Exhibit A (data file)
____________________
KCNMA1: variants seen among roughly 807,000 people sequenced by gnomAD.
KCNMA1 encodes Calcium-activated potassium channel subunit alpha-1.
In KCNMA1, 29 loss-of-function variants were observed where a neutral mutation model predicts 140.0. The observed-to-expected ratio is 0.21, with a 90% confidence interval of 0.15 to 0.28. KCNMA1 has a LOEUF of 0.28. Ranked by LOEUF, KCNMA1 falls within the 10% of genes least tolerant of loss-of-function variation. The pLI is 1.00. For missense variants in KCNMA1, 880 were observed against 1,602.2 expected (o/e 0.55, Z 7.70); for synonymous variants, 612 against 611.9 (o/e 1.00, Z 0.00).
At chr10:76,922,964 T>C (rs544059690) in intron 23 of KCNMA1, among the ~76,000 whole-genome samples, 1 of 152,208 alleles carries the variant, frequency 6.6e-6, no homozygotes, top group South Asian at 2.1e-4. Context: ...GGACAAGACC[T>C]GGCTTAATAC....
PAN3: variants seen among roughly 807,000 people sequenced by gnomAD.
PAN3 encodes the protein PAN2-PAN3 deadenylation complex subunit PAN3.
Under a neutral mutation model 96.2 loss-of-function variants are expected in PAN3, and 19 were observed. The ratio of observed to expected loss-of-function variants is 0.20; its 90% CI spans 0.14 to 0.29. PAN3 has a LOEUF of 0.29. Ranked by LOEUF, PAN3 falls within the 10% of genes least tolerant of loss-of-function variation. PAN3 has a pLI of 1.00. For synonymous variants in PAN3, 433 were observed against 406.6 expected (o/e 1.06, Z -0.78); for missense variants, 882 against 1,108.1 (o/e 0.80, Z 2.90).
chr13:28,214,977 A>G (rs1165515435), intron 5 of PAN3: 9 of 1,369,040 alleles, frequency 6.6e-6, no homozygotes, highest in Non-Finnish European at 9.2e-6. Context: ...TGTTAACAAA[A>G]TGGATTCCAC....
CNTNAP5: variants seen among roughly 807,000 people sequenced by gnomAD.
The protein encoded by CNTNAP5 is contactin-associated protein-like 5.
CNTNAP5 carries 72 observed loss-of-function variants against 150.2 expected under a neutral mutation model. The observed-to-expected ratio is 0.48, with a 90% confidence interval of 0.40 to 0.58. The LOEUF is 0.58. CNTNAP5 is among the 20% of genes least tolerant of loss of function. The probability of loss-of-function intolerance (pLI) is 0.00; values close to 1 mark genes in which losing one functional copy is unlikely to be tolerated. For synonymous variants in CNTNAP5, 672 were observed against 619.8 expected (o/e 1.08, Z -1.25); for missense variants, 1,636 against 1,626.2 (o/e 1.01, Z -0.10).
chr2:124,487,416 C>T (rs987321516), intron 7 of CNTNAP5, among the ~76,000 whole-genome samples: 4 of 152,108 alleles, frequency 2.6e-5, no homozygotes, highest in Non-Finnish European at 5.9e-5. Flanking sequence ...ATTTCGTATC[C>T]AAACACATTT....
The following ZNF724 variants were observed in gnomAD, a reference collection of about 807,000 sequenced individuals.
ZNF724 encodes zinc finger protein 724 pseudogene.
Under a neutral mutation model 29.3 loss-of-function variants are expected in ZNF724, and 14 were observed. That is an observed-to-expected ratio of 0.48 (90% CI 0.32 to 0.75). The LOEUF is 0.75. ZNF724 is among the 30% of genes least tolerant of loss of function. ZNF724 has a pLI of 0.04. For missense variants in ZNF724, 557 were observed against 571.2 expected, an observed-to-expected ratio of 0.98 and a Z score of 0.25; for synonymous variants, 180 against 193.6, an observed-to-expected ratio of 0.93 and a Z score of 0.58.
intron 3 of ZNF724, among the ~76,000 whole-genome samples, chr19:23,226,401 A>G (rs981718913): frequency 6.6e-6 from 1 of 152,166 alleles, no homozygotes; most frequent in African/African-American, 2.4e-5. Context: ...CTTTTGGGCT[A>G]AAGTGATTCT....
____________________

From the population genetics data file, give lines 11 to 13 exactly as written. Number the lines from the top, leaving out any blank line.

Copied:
CNTNAP5 carries 72 observed loss-of-function variants against 150.2 expected under a neutral mutation model. The observed-to-expected ratio is 0.48, with a 90% confidence interval of 0.40 to 0.58. The LOEUF is 0.58. CNTNAP5 is among the 20% of genes least tolerant of loss of function. The probability of loss-of-function intolerance (pLI) is 0.00; values close to 1 mark genes in which losing one functional copy is unlikely to be tolerated. For synonymous variants in CNTNAP5, 672 were observed against 619.8 expected (o/e 1.08, Z -1.25); for missense variants, 1,636 against 1,626.2 (o/e 1.01, Z -0.10).
chr2:124,487,416 C>T (rs987321516), intron 7 of CNTNAP5, among the ~76,000 whole-genome samples: 4 of 152,108 alleles, frequency 2.6e-5, no homozygotes, highest in Non-Finnish European at 5.9e-5. Flanking sequence ...ATTTCGTATC[C>T]AAACACATTT....
The following ZNF724 variants were observed in gnomAD, a reference collection of about 807,000 sequenced individuals.